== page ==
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The Orion spacecraft, which is at the heart of NASA’s historic Artemis I mission, reached its furthest distance from Earth on Monday afternoon, breaking the record for the furthest distance ever traveled by a spacecraft designed to carry humans.
The space agency confirmed on Monday evening that the Orion capsule had reached the midpoint of its uncrewed mission around the moon – about 270,000 miles (434,523 kilometers) from Earth. That’s over 40,000 miles (64,374 kilometers) beyond the far side of the moon.
The previous record for the greatest distance traveled by a human-rated spacecraft was set during the Apollo 13 mission in 1970. This mission, which actually had humans on board, spanned 248,655 miles ( 400,171 kilometers) from our home planet.
The objective of the Artemis I mission, launched since The Kennedy Space Center in Florida on Nov. 16 is due to test the Orion capsule to its limits, ensuring the vehicle is ready to safely accommodate humans. The test is part of NASA’s larger Artemis program, which aims to bring astronauts back to the lunar surface for the first time since the 1970s.
There were several hiccups – or “funnies”, like Artemis I Mission Manager Michael Sarafin refers to them – in this mission.
One problem was with Orion’s star tracker, a system that uses a map of the cosmos to tell engineers on the ground how the spacecraft is oriented. Some data readings did not return as expected, but NASA officials attributed this to a learning curve that comes with operating a new spacecraft.
“We’ve worked through this, and the Orion team has shown great leadership,” Sarafin said at a Nov. 18 press conference.
Overall, however, the spacecraft’s performance has been “outstanding,” Orion program manager Howard Hu told reporters Monday evening. The spacecraft exceeds expectations in some respects, such as producing about 20% more power than it really needs, he noted.
Sarafin added that things are going so well that NASA is working to add seven additional mission goals designed to gather more data on the spacecraft’s capabilities and performance.
The spacecraft is now expected to return to the Moon before firing its engines on Thursday to leave its current path and return to Earth. The Orion capsule is about to crash into the Pacific Ocean off California on December 11.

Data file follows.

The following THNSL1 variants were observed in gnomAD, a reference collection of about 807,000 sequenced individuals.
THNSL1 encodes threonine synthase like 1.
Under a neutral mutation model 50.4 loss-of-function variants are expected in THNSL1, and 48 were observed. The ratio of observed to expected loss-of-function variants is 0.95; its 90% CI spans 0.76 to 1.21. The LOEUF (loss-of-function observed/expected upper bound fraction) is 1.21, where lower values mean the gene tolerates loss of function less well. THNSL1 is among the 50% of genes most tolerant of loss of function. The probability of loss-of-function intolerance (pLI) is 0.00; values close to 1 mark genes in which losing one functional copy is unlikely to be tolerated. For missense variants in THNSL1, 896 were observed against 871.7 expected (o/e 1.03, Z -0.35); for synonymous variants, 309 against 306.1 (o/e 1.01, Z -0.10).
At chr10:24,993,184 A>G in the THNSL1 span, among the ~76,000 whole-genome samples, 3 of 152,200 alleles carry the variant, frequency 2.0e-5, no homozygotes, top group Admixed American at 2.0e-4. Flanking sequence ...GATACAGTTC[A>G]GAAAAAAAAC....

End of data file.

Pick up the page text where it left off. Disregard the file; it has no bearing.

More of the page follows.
“Artemis I was extraordinarily successful and completed a series of historic events,” NASA Administrator Bill Nelson said Monday. “Since launch, we have been receiving critical data and there is much more to come. … The biggest post-launch test is re-entry because we want to know that this heat shield operates at about 5,000 degrees Fahrenheit (2,760 degrees Celsius), almost half the heat of the sun, entering at 32 times the speed of the sound (almost 40,000 kilometers per hour).
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Until the spacecraft is safely back on Earth, there are always risks involved, Sarafin added. He noted that the risk of hitting orbital debris is a constant threat that won’t go away until the capsule reenters Earth’s atmosphere. And even after that, Orion must safely deploy parachutes to ensure a gentle splash in the ocean.
After landing, a NASA recovery ship will wait nearby to transport the Orion capsule to safety.
If the Artemis I mission is successful, NASA will then seek to select a crew to fly on the Artemis II mission, which could lift off as early as 2024. Artemis II will aim to send astronauts on a similar trajectory to Artemis I, flying around the moon but without landing on its surface. The Artemis III mission, currently slated for a 2025 launch, should finally get the boots back on the moon, and NASA officials said it would include the first woman and first person of color to achieve such a milestone.
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